Although today the name bazooka is synonymous with any shoulder-held rocket launching device, the first bazooka was the U.S. Army's M1 Rocket Launcher. Introduced in World War II, soldiers using the M1 likened its sound to the bazoo, a type of brass instrument.
The concept of a bazooka can be applied to any type of projectile, and it can be built in an infinite number of ways. Here are the main things that need to be taken into account with any bazooka assembly.
Things You'll Need
- Ignition trigger switch
- Propellant (either gas or a chemical propellant)
A bazooka operates on Newton's third law of physics: a projectile is placed within a tube, and pushed out of the tube by an explosive force seeking to escape. The area at the back end of the tube behind the projectile gathers pressure from a trigger of some sort and the pressure builds up to the point where it expels the projectile.
Before all else, you need a bazooka tube. With rocket-propelled ordnance, the tube is generally made out of metal or ceramic since flammable material would ignite upon discharge of the projectile, but almost any pipe will do as long as it can withstand pressure. PVC pipe is common for non-combustible projectile bazookas.
However, without the chemical combustion of a rocket-propelled projectile, the back end of the pipe will need to be closed in some fashion to help the bazooka build up enough pressure to expel the projectile.
When choosing a pipe that will be used for the bazooka tube, the inner radius should be equal to the projectile you wish to propel from the bazooka if at all possible. Projectiles that are too big or too small for the tube create inefficiency that limits its distance when expelled.
Reducing the space between the back of the pipe and the projectile will increase the amount of pressure, and ultimately increase the distance that the projectile is propelled.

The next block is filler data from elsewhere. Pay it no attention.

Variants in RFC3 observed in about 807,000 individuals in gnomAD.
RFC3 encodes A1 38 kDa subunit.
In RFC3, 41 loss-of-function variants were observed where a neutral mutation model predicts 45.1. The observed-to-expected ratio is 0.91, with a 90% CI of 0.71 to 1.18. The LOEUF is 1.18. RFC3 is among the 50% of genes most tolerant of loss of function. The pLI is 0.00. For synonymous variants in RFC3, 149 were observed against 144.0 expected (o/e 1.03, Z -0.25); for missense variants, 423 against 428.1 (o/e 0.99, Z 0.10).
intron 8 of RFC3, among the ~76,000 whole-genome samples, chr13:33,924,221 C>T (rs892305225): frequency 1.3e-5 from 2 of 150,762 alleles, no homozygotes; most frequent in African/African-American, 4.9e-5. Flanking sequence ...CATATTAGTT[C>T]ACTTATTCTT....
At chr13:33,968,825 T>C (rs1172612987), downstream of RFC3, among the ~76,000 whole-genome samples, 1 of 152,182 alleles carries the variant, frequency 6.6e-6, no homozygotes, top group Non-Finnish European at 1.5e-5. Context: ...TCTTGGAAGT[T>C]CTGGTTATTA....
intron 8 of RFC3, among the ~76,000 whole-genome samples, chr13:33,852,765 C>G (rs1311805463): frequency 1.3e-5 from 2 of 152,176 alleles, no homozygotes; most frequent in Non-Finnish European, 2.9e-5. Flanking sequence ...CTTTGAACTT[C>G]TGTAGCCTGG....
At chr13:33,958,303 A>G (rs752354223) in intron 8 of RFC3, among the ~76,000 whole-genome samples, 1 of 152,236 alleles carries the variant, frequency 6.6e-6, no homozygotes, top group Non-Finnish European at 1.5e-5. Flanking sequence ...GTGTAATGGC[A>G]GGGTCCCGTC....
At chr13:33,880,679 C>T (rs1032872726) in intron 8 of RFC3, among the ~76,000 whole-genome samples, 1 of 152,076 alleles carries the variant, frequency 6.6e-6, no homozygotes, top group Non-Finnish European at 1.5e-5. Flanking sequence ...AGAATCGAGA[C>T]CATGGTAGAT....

You can use two methods to create the pressure needed to expel a projectile from a bazooka pipe: combustion and pneumatics.
Just as in a car, combustion occurs when heat is applied to a chemical source, causing the chemical to undergo a reaction and release energy, which propels the projectile.
With a pneumatic explosion, the expulsive reaction occurs when a gas builds up behind the projectile to the point where it becomes pressurized and wants to escape, such as when a carbon dioxide expels soda after a shaken can is opened.
The reaction begins upon the ignition of a trigger switch of some kind.
The process of making a rudimentary bazooka is fairly simple under the aforementioned principles, but you can follow them in any number of ways while building a bazooka. Often the pipe used for the explosive pressure has a larger volume than the portion of the pipe used to expel, since a greater reaction and less resistance upon expulsion can help increase the force with which the projectile is propelled.
Lubrication along the expulsion chamber portion of the tube can also help expel the projectile more efficiently.
Tips & Warnings
- Before building a bazooka, make sure it is legal to do so in your area.
- Never put any body parts in front of a bazooka tube opening upon the release of a projectile.
- Photo Credit 1943 Library of Congress
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